9/11 Survivors Wanting Benefits Must Be Checked Against Terror Watch List
NEW YORK (CBSNewYork) — It is being taken as an outrage and an insult.
There were harsh words Friday for a little-noticed provision in the “Zadroga bill.” People who are ill because of the 9/11 terror attack won’t qualify for help until they’re checked against the terror watch list, reports CBS 2’s Tony Aiello.
They say it’s an affront to everybody who is sick and dying.
“I’m gonna get a letter in the mail seeing if I’m a terrorist?” Feal said.
PHOTO GALLERY: Sept. 11, 2010 Memorial Ceremony
The letter warns that in order to qualify for Zadroga benefits for illnesses caused by ground zero exposure applicants must be checked against the terrorist watch list – all because of a little-noticed provision in the bill that says “no individual who is on the terrorist watch list maintained by the Department of Homeland Security shall qualify.”
At ground zero on Friday, the reaction was heated.
“I feel that the survivors and those who are sick have been through enough,” said Kimberly Trent of Princeton, N.J.
“Why would a terrorist even put in for the money other than as a sick joke?” added Daryl Bowen of Manhattan.
The congressman who put this provision into the bill is from Florida and he doesn’t think it’s a slap in the face; he thinks it’s common sense.
Republican Clifford Stearns called the terror watch list check a simple safeguard to protect taxpayers, pointing out thousands of residents, office workers and even visitors who were in the vicinity on 9/11 are expected to submit claims for benefits.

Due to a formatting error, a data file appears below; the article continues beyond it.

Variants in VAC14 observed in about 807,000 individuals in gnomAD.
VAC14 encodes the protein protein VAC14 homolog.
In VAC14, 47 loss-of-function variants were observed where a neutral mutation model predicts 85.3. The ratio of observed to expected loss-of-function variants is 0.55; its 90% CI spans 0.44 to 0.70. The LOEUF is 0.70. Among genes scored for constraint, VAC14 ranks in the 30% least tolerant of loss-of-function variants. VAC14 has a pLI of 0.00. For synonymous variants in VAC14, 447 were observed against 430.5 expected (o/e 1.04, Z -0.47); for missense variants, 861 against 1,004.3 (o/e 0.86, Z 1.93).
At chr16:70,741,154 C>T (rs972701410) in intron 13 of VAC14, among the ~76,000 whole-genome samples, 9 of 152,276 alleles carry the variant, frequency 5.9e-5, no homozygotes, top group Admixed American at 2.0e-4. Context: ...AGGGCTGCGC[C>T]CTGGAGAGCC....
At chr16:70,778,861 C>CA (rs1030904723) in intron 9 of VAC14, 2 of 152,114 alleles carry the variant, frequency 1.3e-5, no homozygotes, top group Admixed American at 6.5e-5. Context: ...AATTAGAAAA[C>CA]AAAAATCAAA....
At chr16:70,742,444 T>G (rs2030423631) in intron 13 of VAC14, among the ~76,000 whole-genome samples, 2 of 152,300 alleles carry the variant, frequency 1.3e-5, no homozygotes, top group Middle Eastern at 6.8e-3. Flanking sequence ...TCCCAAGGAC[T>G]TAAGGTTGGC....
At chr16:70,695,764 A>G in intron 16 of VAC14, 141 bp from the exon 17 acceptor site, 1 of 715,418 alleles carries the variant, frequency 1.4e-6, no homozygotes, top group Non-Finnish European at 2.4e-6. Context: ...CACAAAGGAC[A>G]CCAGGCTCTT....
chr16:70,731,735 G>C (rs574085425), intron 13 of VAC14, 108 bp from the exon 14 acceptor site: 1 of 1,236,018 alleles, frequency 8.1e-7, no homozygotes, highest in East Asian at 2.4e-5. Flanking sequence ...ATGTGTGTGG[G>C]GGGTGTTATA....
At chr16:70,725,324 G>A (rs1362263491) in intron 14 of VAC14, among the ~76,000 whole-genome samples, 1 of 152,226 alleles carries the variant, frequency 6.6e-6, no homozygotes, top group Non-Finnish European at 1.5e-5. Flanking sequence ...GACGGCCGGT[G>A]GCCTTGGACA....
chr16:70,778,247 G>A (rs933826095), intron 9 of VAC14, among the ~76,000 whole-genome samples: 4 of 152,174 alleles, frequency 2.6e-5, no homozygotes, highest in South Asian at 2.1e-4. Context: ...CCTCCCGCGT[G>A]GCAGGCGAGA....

In a statement, Rep. Stearns called this an effort to inject controversy into a simple safeguard to protect American taxpayers. His statement went on to say:
“When anyone, including first responders and members of Congress, buys an airline ticket, their name is checked against a terrorist watch list. Every individual seeking benefits under the James Zadroga 9/11 Health and Compensation Act will have his/her name instantly checked against a terrorist watch list.
“This protection is appropriate because under this legislation, workers, residents, students, passersby, and anyone who was in the vicinity on 9/11 can join first responders and cleanup workers in submitting a claim for benefits. In addition, cleanup workers and maintenance workers who were in the area over a period of four months after the attack are eligible. This amendment imposes no burden on our first responders or others seeking health benefits. It imposes a burden on the U.S. government to ensure that no one on a terrorist watch list receives these benefits.
“There was no opposition to this amendment. No one expressed any concern, and it was adopted unanimously. In addition, the Senate made no effort to change the language because this is a proper safeguard.
“After I offered this amendment on May 25, 2010, in the House Energy & Commerce Committee, the Chairman of the Committee, Rep. Henry Waxman (D-CA), stated, ‘I think it makes a lot of sense and I’m willing to support it.’”
Feal admitted many 9/11 survivors won’t mind the terror check, but for those still traumatized there are a percentage of them that are going to suffer.
“Our Christmas miracle has arrived!” Sen. Kirsten Gillibrand said at the time.
But Sen. Gillibrand, Sen. Charles Schumer and other lawmakers neglected to mention the terror check. Feal now wants them to amend the bill and repeal that provision.
Aiello got a quick response from Rep. Nita Lowey’s camp.
“She thinks it is ridiculous and insulting. What is the theory here – that al Qaeda terrorists posed as 9/11 responders, put their lives on the line, and exposed themselves to a toxic environment all so that they could get medical problems treated 10 years later?” Press Secretary Matthew Dennis said. “My understanding is that it was one of a couple amendments accepted in order to prevent Republicans from offering poison pill amendments that would have sunk the entire bill.”
CBS 2 is still awaiting comment from both New York senators and several other members of Congress.
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